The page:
Understanding a medical abortion
The abortion pill is also known as a medical abortion. There are two main types of abortions: medical abortions and surgical abortions. A medical abortion may be commonly called “the abortion pill” but it involves taking two types of abortion pills. These pills will terminate a pregnancy, and are not the same as what is commonly known as the “morning-after pill” or Plan B, which is designed to prevent pregnancy.
The first pill that you will take is mifepristone. The second is misoprostol (also known as Cytotec). The use of the two medications together increase the effectiveness of the abortion, and can reduce the duration of side effects.
You can obtain these medications through doctors and clinics that provide abortion services, like Planned Parenthood. You should never buy them online or on the black market. The cost of the medication depends on location and additional tests or follow-ups that may be necessary. According to Planned Parenthood, abortion procedures can cost up to $800. However, this cost fluctuates depending on the area where you live.
Who is eligible for the abortion pill?
Women who are under 10 weeks into their pregnancy are eligible to take the abortion pill. After 10 weeks, women who wish to terminate their pregnancy may opt for a surgical abortion.
Women with pre-existing medical conditions may not be eligible to take the abortion pill. Women who cannot receive the abortion pill include:
- women who are not willing to have an aspiration (surgical abortion) if the pill is not effective.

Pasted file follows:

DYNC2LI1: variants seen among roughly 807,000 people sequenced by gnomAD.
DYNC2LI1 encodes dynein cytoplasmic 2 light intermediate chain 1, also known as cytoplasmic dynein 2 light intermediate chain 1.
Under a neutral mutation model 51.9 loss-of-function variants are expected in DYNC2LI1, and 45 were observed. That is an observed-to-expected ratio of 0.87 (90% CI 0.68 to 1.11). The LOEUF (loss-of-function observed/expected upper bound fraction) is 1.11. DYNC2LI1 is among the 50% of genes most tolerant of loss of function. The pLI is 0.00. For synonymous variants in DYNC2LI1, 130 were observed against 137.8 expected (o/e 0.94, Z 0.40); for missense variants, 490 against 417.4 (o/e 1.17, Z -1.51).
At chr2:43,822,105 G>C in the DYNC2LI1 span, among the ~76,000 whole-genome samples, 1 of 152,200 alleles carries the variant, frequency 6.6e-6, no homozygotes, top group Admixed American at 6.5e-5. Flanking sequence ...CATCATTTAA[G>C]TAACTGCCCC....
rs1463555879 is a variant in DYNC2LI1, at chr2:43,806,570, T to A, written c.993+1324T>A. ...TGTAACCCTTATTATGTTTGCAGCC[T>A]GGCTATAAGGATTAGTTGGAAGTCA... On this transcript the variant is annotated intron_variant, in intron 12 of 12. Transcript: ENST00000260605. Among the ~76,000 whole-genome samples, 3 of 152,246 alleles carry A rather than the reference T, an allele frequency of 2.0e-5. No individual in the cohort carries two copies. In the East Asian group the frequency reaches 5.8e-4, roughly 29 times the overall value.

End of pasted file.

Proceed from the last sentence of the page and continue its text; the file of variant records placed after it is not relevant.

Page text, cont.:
- women with an ectopic pregnancy or mass on their ovaries
- women on long-term corticosteroids
- women with certain genetic diseases
- women who are not able to understand the procedure or how to follow the directions
- women who will not have access to emergent medical treatment and facilities
- women who have a molar pregnancy, in which the placenta develops abnormally
- women who have heart, kidney, or liver problems
- women with severe adrenal gland problems
- women who currently have an IUD (though you can take the pill upon its removal)
- women with bleeding disorders, or those who are taking anticlotting medications
The abortion pill is very effective. When misoprostol and mifepristone are used together, they have about a 98 percent effectiveness rate. The age of the pregnancy, the medication doses and administration, and whether or not a woman has been pregnant before may impact the effectiveness. The effectiveness rate decreases for each additional week of pregnancy.
While this effectiveness rate is high, it’s possible for a medical abortion to fail to terminate a pregnancy. In these cases, a woman would need to then undergo a surgical abortion.
How does it work?
When you’re taking both medications in a medical abortion, they’ll work together to terminate a pregnancy.
Mifepristone will be the first pill that you take. It works by blocking progesterone and causing the lining of the uterus to break down, terminating the pregnancy. About 24 to 48 hours after you take the first pill, you will take misoprostol, which causes the uterus to contract and expel the embryo and uterine lining.